Err I thought that most of the Sag racers were just Tuscan Challenge cars with different body shells sat on top? Apart from some minor changes including bracing between the front suspension pickup points there is (as far as I'm aware) very little difference in the chassis. The differential cornering speed is due to the wider rubber adding mechanical grip, then roof and aero generating downforce and giving the car a more planted feel.


Graham

15,380 posts

171 months

[news] 
Wednesday 10th October 2012 quote quote all
450Nick said:
Err I thought that most of the Sag racers were just Tuscan Challenge cars with different body shells sat on top? Apart from some minor changes including bracing between the front suspension pickup points there is (as far as I'm aware) very little difference in the chassis. The differential cornering speed is due to the wider rubber adding mechanical grip, then roof and aero generating downforce and giving the car a more planted feel.
Not quite they run a very different roll cage with much more bracing that adds a lot more stiffness to the chassis, and then most have extra bracing on the main chassi too.

at least 2 of them also have the motor solidly mounted to act as a bit of a stressed member. they do share the same basic chassis but the over all package is much stiffer.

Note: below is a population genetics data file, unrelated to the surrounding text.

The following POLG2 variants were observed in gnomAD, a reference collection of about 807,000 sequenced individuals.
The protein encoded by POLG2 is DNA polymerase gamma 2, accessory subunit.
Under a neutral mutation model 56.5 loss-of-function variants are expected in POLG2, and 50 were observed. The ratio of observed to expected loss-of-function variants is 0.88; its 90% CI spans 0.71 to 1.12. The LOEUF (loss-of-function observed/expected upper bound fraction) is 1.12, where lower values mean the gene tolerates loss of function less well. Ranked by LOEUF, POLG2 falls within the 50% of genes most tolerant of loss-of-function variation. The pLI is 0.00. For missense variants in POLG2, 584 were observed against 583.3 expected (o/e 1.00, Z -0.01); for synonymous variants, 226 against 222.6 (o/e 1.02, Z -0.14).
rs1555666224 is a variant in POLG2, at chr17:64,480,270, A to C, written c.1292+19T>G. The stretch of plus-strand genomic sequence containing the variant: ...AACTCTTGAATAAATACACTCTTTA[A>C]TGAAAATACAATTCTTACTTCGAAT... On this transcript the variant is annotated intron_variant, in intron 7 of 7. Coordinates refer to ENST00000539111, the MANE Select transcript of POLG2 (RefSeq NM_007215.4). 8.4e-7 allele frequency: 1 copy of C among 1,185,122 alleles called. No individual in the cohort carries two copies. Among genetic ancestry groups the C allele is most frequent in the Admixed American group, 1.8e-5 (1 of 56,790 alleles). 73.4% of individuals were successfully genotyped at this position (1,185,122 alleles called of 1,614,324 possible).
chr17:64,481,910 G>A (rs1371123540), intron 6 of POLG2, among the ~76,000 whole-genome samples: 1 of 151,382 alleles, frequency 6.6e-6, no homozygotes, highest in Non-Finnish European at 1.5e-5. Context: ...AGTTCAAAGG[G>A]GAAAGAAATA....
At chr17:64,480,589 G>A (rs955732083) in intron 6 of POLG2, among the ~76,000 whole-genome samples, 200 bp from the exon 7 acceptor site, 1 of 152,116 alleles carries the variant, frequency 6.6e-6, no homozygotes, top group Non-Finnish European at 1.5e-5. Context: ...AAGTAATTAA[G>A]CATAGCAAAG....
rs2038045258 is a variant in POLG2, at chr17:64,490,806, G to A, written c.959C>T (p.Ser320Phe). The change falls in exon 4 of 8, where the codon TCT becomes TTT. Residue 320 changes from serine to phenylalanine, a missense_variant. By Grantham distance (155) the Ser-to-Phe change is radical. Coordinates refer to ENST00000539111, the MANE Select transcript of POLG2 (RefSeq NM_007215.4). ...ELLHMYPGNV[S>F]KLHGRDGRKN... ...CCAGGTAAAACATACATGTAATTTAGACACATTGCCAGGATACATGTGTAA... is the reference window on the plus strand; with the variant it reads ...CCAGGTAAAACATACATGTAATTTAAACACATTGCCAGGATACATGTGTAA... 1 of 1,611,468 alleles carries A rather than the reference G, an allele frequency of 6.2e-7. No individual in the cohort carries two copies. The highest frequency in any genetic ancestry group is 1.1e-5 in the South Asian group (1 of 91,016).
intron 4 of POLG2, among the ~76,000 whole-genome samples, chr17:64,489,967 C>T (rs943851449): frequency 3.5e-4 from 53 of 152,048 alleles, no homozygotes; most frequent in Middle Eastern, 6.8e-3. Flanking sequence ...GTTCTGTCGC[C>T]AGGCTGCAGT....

Thats why the sags dont wave a front wheel in the air..

DarkMatter

1,172 posts

118 months

[news] 
Wednesday 10th October 2012 quote quote all
jwoffshore said:
... I could post some pics showing how much better the LS engine fits in the Evo chassis compared to squeezing it into the standard one....
I've enjoyed following this thread with the different opinions expressed but I'd also like to see the pictures you have, perhaps you could post them in a new thread?

RichardD

3,449 posts

132 months

[news] 
Wednesday 10th October 2012 quote quote all
500dread said:
Stuff
For starters I am glad the "s" or "r" words haven't been used, so I'm not going to mention them either biggrin.

You've stated you are happy with your Griff, that's great. I was happy with mine (including 50 instead of 55 profile front tyres (from previous owner) which I'm sure made it better (certainly than a friends pre cat 400)), before it got taken to bits to start rust removal!

The refinement bit is a tad overstated I think, the ability to have a flatter cornering car without having to make the suspension stiffer, can't be a bad thing for safety on a car that sees bumpy b-roads.

The whole project has been done with LS conversions in mind, it would be overkill imho for RV8 cars especially as the majority will value originality. So I guess we agree there!

Other things possibly not mentioned yet - the gearbox as per the chassis pic earlier, the "magnum" box is like a T5 close ratio (2.66 instead of 3.0 first gear ratio), but it also has a 6th gear (being a variant of the T56). So 40+ mpg potential for a efficient LS engine. Again, not relavent for a RV8.